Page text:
Need some extra help and support?
Below we've listed organisations which can be helpful if young people or their family / carers need some extra support.

Call: 0808 801 0711
What they do: Under 18s helpline, webchat and online support groups for people with eating disorders, such as anorexia and bulimia

CEOPS Child Exploitation and Online Protection
What they do:The place to report any concerns about online sexual abuse and grooming

Call: 0117 360 4040
What they do: Child and Adolescent Mental Health Services is the name for NHS-provided services in England and Wales for children, generally until school-leaving age, who are having difficulties with their emotional or behavioural well-being

Call: free on 0800 1111
What they do: Childline is a counselling service for children and young people, offering information, advice and support to anyone up to their 19th birthday.Get help and advice about a wide range of issues, call them, talk to a counsellor online, send Childline an email or post on the message boards. Access the Calm Zone for activities and tools to support feelings of worry or anxiety.Topics children can speak about confidentially include bullying, abuse, safety and the law.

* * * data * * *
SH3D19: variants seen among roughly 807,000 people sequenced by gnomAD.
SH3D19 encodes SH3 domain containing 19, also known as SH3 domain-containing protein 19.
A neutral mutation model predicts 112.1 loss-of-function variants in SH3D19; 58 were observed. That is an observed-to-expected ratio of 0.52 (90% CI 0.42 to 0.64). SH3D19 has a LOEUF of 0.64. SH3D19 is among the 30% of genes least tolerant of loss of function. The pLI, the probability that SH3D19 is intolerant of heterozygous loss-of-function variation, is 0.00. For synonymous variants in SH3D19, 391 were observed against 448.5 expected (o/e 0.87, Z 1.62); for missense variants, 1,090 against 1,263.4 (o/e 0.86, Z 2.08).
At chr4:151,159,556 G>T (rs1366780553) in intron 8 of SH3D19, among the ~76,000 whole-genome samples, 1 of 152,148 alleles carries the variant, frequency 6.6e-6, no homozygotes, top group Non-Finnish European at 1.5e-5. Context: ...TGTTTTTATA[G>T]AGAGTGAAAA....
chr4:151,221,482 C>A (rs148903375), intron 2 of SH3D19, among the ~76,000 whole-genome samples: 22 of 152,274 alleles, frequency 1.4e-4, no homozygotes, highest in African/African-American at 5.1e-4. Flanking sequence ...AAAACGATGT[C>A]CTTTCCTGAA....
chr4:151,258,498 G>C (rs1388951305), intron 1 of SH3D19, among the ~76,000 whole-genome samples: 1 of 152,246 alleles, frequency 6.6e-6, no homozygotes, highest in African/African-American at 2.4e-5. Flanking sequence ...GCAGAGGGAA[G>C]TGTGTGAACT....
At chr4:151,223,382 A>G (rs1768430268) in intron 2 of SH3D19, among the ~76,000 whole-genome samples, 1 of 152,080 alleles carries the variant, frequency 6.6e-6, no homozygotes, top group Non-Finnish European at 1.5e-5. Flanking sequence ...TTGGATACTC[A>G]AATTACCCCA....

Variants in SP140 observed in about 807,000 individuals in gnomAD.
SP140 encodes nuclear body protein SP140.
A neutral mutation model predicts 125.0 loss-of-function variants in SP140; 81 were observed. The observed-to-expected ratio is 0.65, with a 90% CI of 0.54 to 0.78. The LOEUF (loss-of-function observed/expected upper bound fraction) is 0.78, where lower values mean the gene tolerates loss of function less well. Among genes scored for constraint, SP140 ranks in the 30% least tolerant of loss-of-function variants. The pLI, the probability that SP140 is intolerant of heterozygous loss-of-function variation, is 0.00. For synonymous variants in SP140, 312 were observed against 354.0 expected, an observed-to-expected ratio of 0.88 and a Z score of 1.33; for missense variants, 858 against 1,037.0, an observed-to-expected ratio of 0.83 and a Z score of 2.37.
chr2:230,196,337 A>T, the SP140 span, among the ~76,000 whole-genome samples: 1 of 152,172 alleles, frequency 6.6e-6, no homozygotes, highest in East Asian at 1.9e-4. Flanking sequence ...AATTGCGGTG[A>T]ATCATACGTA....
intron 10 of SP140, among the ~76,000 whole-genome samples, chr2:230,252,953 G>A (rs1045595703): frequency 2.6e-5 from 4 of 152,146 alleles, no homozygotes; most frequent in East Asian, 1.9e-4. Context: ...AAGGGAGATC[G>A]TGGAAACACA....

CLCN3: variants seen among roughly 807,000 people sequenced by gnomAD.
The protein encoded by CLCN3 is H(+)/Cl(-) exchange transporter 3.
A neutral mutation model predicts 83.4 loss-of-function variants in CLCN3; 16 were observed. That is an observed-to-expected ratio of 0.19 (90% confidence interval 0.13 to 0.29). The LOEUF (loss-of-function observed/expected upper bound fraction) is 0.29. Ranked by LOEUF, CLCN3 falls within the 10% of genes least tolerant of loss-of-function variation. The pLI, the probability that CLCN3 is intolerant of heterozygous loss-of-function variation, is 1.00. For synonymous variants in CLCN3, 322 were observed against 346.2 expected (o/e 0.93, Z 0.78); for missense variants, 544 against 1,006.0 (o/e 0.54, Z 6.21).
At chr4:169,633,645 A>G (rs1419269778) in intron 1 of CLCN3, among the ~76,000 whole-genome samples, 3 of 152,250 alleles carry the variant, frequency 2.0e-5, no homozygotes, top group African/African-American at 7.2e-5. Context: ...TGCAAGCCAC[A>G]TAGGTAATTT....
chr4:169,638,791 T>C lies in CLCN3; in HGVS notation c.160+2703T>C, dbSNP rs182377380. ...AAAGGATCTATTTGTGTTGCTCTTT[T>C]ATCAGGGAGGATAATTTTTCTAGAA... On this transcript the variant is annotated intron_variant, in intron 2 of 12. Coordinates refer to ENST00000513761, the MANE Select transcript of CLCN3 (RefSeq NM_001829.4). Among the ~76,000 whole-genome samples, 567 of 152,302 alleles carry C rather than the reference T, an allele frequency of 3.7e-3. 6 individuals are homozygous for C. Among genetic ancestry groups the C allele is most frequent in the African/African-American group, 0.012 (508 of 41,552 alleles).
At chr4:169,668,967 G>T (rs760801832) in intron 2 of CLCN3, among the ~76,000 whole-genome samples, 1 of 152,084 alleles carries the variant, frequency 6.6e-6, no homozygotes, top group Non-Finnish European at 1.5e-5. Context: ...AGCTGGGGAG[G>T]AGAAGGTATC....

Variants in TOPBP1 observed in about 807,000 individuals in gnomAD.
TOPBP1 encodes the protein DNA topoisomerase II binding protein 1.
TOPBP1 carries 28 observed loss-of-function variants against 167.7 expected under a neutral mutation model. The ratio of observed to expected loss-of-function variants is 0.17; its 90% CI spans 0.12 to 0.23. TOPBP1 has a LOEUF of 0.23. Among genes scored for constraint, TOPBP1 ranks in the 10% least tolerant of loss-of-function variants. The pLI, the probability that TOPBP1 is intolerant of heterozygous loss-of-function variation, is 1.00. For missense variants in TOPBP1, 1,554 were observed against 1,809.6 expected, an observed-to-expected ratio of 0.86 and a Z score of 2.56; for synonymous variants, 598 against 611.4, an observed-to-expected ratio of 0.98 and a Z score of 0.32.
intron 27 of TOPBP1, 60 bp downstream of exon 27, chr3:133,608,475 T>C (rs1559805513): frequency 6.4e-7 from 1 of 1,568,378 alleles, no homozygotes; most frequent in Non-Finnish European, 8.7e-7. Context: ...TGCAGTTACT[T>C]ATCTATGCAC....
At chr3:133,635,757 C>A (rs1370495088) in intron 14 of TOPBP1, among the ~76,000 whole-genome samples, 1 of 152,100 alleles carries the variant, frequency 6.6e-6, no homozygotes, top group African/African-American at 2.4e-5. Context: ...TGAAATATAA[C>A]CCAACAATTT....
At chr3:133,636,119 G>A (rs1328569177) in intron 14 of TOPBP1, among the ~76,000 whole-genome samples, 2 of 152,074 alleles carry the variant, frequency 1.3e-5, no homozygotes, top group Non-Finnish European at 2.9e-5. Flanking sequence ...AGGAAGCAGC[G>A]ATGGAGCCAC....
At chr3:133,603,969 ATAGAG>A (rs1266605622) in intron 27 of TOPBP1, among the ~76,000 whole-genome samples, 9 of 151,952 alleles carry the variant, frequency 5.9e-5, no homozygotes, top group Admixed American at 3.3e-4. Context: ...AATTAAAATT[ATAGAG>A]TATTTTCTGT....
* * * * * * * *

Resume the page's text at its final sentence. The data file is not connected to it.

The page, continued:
Website:Inspiring Young Lives
What they do: A resource written by us here at Mentoring Plus with tips, inspiration, educational tools and wellbeing resources

Online: Monday - Friday 12pm - 10pm, Saturday - Sunday 6pm - 10pm
What they do: Online counselling and emotional well-being platform for children and young people, accessible through mobile, tablet and desktop and free at the point of use. Free, safe and anonymous online support for young people

Call: 0300 123 3393
Text: 86463
What they do: Advice around mental health problems, where to get help near you, treatment options, advocacy services

Call: 0800 068 4141
Text: 07786 209697
Website: Papyrus Hopeline UK
What they do: Confidential support for under-35s at risk of suicide and others who are concerned about them

Call : 116 123
Website : Samaritans